The Bretton Woods economic conference would make a great movie: Dashing celebrity economist John Maynard Keynes of the U.K. squared off against U.S. Treasury official Harry Dexter White, who was later revealed to be a Soviet spy.
Wall Street is not known for self- examination. Colossally bad bets and spectacular losses are more often treated as individual failures than systemic ones; risky behavior is seen as a sign of intestinal fortitude, not foolishness.
Australian Olympic Committee president John Coates wants team members to sign a legally- binding document saying they have no doping history, a proposal that would make those later found to have lied guilty of an indictable offense punishable by prison time.
John Coates, a senior research fellow in neuroscience and finance at the University of Cambridge, has a theory. He says there would be fewer stock market bubbles and crashes if women and older men handled most of the trading. “There is less diversity in the financial world than in the military,” he quips. “On Wall Street, we have one slice of the population -- young men -- running our trading floors. That leads to extreme behavior: They go wilding.”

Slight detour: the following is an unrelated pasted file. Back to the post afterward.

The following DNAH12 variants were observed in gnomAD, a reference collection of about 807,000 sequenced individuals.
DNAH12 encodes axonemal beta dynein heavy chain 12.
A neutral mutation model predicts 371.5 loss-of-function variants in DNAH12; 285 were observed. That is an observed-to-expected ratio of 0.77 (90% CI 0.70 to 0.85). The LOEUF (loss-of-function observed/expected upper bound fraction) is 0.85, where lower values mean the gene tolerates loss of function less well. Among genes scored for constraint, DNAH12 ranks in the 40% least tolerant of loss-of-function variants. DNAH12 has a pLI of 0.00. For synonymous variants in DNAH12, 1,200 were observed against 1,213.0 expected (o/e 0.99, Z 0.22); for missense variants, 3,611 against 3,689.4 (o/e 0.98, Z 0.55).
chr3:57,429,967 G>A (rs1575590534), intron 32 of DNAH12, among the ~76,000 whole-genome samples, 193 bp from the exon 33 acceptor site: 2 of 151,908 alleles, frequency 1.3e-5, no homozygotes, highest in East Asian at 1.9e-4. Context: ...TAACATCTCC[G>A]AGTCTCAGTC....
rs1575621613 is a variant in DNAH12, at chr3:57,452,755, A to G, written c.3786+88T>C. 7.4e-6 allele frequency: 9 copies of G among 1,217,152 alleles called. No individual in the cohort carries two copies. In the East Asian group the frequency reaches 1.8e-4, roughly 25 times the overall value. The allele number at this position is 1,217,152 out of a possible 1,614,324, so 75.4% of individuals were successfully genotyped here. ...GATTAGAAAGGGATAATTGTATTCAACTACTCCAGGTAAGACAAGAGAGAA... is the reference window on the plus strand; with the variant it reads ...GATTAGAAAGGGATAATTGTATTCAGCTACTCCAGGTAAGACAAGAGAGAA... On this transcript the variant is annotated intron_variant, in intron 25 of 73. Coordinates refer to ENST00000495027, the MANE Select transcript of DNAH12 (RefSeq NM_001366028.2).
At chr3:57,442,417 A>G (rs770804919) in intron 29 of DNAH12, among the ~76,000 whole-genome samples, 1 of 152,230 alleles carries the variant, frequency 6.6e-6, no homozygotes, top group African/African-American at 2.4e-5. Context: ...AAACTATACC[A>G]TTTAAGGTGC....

Cycling’s governing body said the president of the International Council of Arbitration for Sport suggested members for a independent panel that will investigate doping in cycling and the influence of Lance Armstrong.
Australia’s London Olympics swimming team was beset by “culturally toxic incidents” including misuse of prescription drugs and bullying that highlighted a failure of culture and leadership, a report said.